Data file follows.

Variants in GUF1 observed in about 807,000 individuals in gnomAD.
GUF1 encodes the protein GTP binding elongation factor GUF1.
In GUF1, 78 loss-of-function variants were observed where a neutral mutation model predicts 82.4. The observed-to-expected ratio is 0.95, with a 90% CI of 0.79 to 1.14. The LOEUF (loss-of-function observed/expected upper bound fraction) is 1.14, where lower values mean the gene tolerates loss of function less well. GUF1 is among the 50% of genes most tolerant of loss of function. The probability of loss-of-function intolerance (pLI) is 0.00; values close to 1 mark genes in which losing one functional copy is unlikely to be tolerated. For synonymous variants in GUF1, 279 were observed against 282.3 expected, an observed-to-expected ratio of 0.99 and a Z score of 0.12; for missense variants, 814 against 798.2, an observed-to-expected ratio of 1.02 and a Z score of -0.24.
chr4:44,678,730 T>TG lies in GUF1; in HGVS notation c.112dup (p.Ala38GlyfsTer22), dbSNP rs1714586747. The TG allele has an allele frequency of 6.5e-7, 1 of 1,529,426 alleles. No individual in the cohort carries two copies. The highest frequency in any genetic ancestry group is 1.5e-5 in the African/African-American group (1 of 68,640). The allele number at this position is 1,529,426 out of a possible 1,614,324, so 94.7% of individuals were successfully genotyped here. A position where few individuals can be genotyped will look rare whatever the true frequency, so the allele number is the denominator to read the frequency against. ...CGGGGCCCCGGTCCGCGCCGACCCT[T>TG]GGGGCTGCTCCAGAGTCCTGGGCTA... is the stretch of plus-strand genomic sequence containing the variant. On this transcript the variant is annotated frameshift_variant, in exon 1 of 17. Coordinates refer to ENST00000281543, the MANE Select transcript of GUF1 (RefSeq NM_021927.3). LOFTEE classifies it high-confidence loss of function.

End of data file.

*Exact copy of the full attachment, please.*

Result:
Variants in GUF1 observed in about 807,000 individuals in gnomAD.
GUF1 encodes the protein GTP binding elongation factor GUF1.
In GUF1, 78 loss-of-function variants were observed where a neutral mutation model predicts 82.4. The observed-to-expected ratio is 0.95, with a 90% CI of 0.79 to 1.14. The LOEUF (loss-of-function observed/expected upper bound fraction) is 1.14, where lower values mean the gene tolerates loss of function less well. GUF1 is among the 50% of genes most tolerant of loss of function. The probability of loss-of-function intolerance (pLI) is 0.00; values close to 1 mark genes in which losing one functional copy is unlikely to be tolerated. For synonymous variants in GUF1, 279 were observed against 282.3 expected, an observed-to-expected ratio of 0.99 and a Z score of 0.12; for missense variants, 814 against 798.2, an observed-to-expected ratio of 1.02 and a Z score of -0.24.
chr4:44,678,730 T>TG lies in GUF1; in HGVS notation c.112dup (p.Ala38GlyfsTer22), dbSNP rs1714586747. The TG allele has an allele frequency of 6.5e-7, 1 of 1,529,426 alleles. No individual in the cohort carries two copies. The highest frequency in any genetic ancestry group is 1.5e-5 in the African/African-American group (1 of 68,640). The allele number at this position is 1,529,426 out of a possible 1,614,324, so 94.7% of individuals were successfully genotyped here. A position where few individuals can be genotyped will look rare whatever the true frequency, so the allele number is the denominator to read the frequency against. ...CGGGGCCCCGGTCCGCGCCGACCCT[T>TG]GGGGCTGCTCCAGAGTCCTGGGCTA... is the stretch of plus-strand genomic sequence containing the variant. On this transcript the variant is annotated frameshift_variant, in exon 1 of 17. Coordinates refer to ENST00000281543, the MANE Select transcript of GUF1 (RefSeq NM_021927.3). LOFTEE classifies it high-confidence loss of function.